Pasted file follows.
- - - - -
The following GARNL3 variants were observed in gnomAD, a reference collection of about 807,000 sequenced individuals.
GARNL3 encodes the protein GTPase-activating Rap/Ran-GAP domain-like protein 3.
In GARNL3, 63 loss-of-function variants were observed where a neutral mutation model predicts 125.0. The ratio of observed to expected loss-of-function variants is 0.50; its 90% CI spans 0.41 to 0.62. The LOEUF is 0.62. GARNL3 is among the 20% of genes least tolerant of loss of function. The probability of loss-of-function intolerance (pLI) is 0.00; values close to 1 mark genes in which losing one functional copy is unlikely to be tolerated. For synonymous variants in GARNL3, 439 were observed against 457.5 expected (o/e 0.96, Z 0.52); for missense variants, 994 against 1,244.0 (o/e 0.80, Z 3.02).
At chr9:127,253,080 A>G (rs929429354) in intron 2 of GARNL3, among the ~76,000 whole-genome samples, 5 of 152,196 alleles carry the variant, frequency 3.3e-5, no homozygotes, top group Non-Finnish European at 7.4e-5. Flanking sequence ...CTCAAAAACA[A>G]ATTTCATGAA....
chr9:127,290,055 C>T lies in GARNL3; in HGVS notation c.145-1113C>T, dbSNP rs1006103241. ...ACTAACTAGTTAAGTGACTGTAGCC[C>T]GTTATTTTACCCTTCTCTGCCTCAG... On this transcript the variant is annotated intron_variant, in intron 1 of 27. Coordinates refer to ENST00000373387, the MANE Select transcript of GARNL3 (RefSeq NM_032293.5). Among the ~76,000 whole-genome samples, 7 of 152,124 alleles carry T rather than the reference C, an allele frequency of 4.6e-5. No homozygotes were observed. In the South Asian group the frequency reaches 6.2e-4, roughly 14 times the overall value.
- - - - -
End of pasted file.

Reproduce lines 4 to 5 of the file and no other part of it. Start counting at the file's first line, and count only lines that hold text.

At chr9:127,253,080 A>G (rs929429354) in intron 2 of GARNL3, among the ~76,000 whole-genome samples, 5 of 152,196 alleles carry the variant, frequency 3.3e-5, no homozygotes, top group Non-Finnish European at 7.4e-5. Flanking sequence ...CTCAAAAACA[A>G]ATTTCATGAA....
chr9:127,290,055 C>T lies in GARNL3; in HGVS notation c.145-1113C>T, dbSNP rs1006103241. ...ACTAACTAGTTAAGTGACTGTAGCC[C>T]GTTATTTTACCCTTCTCTGCCTCAG... On this transcript the variant is annotated intron_variant, in intron 1 of 27. Coordinates refer to ENST00000373387, the MANE Select transcript of GARNL3 (RefSeq NM_032293.5). Among the ~76,000 whole-genome samples, 7 of 152,124 alleles carry T rather than the reference C, an allele frequency of 4.6e-5. No homozygotes were observed. In the South Asian group the frequency reaches 6.2e-4, roughly 14 times the overall value.